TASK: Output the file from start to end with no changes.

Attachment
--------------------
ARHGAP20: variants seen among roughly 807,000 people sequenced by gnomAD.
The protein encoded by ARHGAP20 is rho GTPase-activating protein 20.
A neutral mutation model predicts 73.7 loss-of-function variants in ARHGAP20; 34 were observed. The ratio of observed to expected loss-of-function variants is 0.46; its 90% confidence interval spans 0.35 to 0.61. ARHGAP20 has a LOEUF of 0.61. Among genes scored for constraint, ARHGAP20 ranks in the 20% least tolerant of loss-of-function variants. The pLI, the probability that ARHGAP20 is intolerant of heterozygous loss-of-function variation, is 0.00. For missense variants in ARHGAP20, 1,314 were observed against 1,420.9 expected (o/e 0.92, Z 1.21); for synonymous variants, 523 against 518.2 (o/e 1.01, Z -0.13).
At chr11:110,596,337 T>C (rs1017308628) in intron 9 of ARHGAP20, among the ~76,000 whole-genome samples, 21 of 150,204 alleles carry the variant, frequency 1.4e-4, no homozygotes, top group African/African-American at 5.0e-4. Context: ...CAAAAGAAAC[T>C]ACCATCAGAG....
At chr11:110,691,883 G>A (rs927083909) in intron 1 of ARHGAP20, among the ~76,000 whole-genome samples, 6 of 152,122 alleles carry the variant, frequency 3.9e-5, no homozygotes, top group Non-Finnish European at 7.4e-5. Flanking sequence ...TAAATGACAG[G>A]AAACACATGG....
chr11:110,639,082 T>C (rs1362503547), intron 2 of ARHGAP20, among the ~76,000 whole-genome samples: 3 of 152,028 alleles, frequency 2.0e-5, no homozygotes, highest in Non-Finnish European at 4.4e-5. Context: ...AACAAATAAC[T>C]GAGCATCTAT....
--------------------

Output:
ARHGAP20: variants seen among roughly 807,000 people sequenced by gnomAD.
The protein encoded by ARHGAP20 is rho GTPase-activating protein 20.
A neutral mutation model predicts 73.7 loss-of-function variants in ARHGAP20; 34 were observed. The ratio of observed to expected loss-of-function variants is 0.46; its 90% confidence interval spans 0.35 to 0.61. ARHGAP20 has a LOEUF of 0.61. Among genes scored for constraint, ARHGAP20 ranks in the 20% least tolerant of loss-of-function variants. The pLI, the probability that ARHGAP20 is intolerant of heterozygous loss-of-function variation, is 0.00. For missense variants in ARHGAP20, 1,314 were observed against 1,420.9 expected (o/e 0.92, Z 1.21); for synonymous variants, 523 against 518.2 (o/e 1.01, Z -0.13).
At chr11:110,596,337 T>C (rs1017308628) in intron 9 of ARHGAP20, among the ~76,000 whole-genome samples, 21 of 150,204 alleles carry the variant, frequency 1.4e-4, no homozygotes, top group African/African-American at 5.0e-4. Context: ...CAAAAGAAAC[T>C]ACCATCAGAG....
At chr11:110,691,883 G>A (rs927083909) in intron 1 of ARHGAP20, among the ~76,000 whole-genome samples, 6 of 152,122 alleles carry the variant, frequency 3.9e-5, no homozygotes, top group Non-Finnish European at 7.4e-5. Flanking sequence ...TAAATGACAG[G>A]AAACACATGG....
chr11:110,639,082 T>C (rs1362503547), intron 2 of ARHGAP20, among the ~76,000 whole-genome samples: 3 of 152,028 alleles, frequency 2.0e-5, no homozygotes, highest in Non-Finnish European at 4.4e-5. Context: ...AACAAATAAC[T>C]GAGCATCTAT....